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50 FINANCIAL CONTROL OF RESEARCH brances are posted as a contingent liability; when vouchers are pre- sented they are checked against the purchase orders and proper adjustment is made. Separate accounts for each month or quarter are not set up, but the office endeavors to hold expenditures for each quarter within the pro-rata proportion of the annual expenditures. As the vouchers go through the office they are deducted from the cash balance, the records therefore showing at all times the cash balance and the unencumbered balance. The finance department, however, has not always been able to hold departments within their appro- priations. Two reasons are given for this failure. On the one hand, it is said that the appropriations made by the legislature are too small, and have insufficient elasticity to permit departments to operate throughout the fiscal period. The writer was not able to test the accuracy of this statement, except that the lack of division contingency funds was noted. On the other hand, it is said that the existence of a large emergency fund at the disposal of the Emergency Board has encouraged departments to spend more freely in the expectation of receiving support from these funds. This statement, if true, seems to indicate a lack of determination on the part of the Emergency Board (and to a less degree on the part of the' Department of Finance) to restrict expenditures to the minimum. Bl,TDGET CONTROL The first state budget law was enacted in 1913, and although brief and general in its terms established an executive budget. The law required the several departments to report to the governor, on blanks furnished for the purpose, an itemized estimate of needs. The depart- ments were likewise required to furnish the governor any information desired. The governor at the beginning of each regular session was required to submit to the legislature the original estimates and his recommendations. He was authorized also to "appoint competent, disinterested persons to examine without notice the affairs of any department for the purpose of ascertaining facts and to make findings and recommendations relative to increasing efficiency and curtailing expense." (Laws 1913, p. 658.) The governor appointed art official known as commissioner of the budget who prepared budgets in 1915, 1917, 1919 and 1921 and was then superseded by the newly established superintendent of the budget. The procedure used in making the budget was rewritten and made more detailed and explicit. The director of finance is now authorized to fix the form of the estimate blanks, which are sent out not later than September 15 and returned by November 1. These forms show revenues and expenditures for two years, appropriations, expenditures,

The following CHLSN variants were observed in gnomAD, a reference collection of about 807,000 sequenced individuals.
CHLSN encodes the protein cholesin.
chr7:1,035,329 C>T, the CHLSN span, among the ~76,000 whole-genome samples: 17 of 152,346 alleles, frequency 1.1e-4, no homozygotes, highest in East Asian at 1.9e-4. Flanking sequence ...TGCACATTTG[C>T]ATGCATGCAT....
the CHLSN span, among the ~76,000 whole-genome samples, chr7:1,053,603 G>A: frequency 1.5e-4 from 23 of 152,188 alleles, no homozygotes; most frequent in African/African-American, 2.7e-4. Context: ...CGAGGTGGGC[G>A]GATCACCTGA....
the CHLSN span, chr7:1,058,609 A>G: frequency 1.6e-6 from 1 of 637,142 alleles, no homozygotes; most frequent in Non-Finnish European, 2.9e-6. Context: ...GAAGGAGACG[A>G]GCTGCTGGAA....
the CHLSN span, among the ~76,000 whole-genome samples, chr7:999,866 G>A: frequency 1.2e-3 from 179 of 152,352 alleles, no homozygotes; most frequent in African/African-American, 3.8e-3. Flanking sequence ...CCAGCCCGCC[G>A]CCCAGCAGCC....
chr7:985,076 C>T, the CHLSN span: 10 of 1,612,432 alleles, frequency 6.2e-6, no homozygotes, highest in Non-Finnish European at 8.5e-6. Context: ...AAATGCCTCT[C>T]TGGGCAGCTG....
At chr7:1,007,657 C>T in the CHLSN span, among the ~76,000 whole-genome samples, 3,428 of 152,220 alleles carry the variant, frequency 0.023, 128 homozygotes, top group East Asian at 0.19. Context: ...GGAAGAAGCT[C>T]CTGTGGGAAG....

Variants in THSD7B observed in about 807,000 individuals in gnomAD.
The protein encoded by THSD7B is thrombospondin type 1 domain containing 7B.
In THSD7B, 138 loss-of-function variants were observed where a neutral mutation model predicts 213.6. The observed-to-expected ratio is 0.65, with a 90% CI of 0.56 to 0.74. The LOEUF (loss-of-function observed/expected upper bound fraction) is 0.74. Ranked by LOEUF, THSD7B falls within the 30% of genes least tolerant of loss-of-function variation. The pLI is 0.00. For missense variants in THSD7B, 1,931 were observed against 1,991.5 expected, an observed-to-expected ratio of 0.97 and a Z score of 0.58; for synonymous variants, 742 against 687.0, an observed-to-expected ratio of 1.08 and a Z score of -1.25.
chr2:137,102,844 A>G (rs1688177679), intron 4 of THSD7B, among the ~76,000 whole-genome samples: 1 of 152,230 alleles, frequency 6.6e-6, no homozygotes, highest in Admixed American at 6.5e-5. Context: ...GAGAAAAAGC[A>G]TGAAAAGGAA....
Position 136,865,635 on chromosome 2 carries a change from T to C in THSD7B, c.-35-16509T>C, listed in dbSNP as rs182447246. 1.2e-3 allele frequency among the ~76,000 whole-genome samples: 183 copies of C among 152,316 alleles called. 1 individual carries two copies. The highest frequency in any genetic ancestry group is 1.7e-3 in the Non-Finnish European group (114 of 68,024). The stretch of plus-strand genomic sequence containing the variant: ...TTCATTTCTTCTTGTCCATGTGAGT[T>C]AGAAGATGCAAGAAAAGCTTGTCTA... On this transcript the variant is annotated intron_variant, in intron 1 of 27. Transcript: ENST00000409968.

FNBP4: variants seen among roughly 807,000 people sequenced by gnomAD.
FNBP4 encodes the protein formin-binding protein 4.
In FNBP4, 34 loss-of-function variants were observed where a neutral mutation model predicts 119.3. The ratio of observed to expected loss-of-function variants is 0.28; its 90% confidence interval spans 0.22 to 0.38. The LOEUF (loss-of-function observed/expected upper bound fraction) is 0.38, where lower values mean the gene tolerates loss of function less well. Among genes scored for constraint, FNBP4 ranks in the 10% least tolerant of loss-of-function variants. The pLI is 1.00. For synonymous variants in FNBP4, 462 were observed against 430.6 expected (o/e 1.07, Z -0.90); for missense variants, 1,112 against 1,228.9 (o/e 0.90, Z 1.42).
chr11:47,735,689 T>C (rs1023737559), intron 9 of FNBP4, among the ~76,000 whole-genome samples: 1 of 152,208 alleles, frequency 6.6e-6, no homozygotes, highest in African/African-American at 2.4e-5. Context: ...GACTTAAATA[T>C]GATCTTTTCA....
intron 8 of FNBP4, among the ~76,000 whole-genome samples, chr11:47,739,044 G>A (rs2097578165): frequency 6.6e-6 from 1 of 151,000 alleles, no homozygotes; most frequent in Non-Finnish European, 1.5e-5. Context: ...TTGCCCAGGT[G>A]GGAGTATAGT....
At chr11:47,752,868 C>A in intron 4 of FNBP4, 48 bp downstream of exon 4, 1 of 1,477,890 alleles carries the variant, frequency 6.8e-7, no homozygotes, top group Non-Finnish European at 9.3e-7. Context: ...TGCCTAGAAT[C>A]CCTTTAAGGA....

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1 IN STATE GOVERNMENTS 51 encumbrances, and free balances; estimate of revenues and expendi- tures for the current fiscal year and for the ensuing two years. The director of finance may make further inquiry and investigation and may approve, disapprove or alter the estimates, excepting those for the legislative and judicial departments. The estimates as revised by him are then submitted to the governor. The governor submits a budget to the legislature not later than four weeks after the organization of the General Assembly, showing his recommendations for each department and institution. The budget is set up in detail under the accounting heads described in the previous section. The practice in Ohio with regard to the preparation of the budget contrasts sharply with that in Wisconsin and Illinois. In Ohio there is no regular and formal procedure for conference between the budget officials and various departments. Whether they are heard before the finance department's reductions are made depends to a substantial degree on whether they are invited to make a statement or whether they insist on being heard. A case was brought to the attention of the writer in which the total appropriation for printing was eliminated without notice to the division concerned. This failure to confer with departments is in a way the less serious because the finance committees of the legislature seem to reconsider the whole question d e nova, making sweeping changes in the recommendations brought before them by the governor. Each department, moreover, must feel at liberty to disregard the conclusions of the finance department reached thus without full conference. There still seems to be in Ohio a lack of complete cooperation between the finance department and the other departments not only in framing a budget but in other aspects of the work of the finance department. The situation has'been aggravated by the fact of fre- quent shift in political control of the state. A Democratic governor inheriting a budget prepared by his Republican predecessor, or vice versa, is likely to give it scant support; and when the governor is of one party and the legislature of another, the situation becomes even more difficult. The writer found evidence of political jockeying with the budget which goes far to explain the wide variations between the original estimates, governor's recommendations, and final appropria- tions which are revealed in the tables found in this section.23 What have been the effects of this budget procedure? An answer to this question was sought in two ways, (1) by examining the finan- cial history of the scientific departments for the fiscal years from 1915 ~ The political situation in Ohio since 1913 is shown in the following table.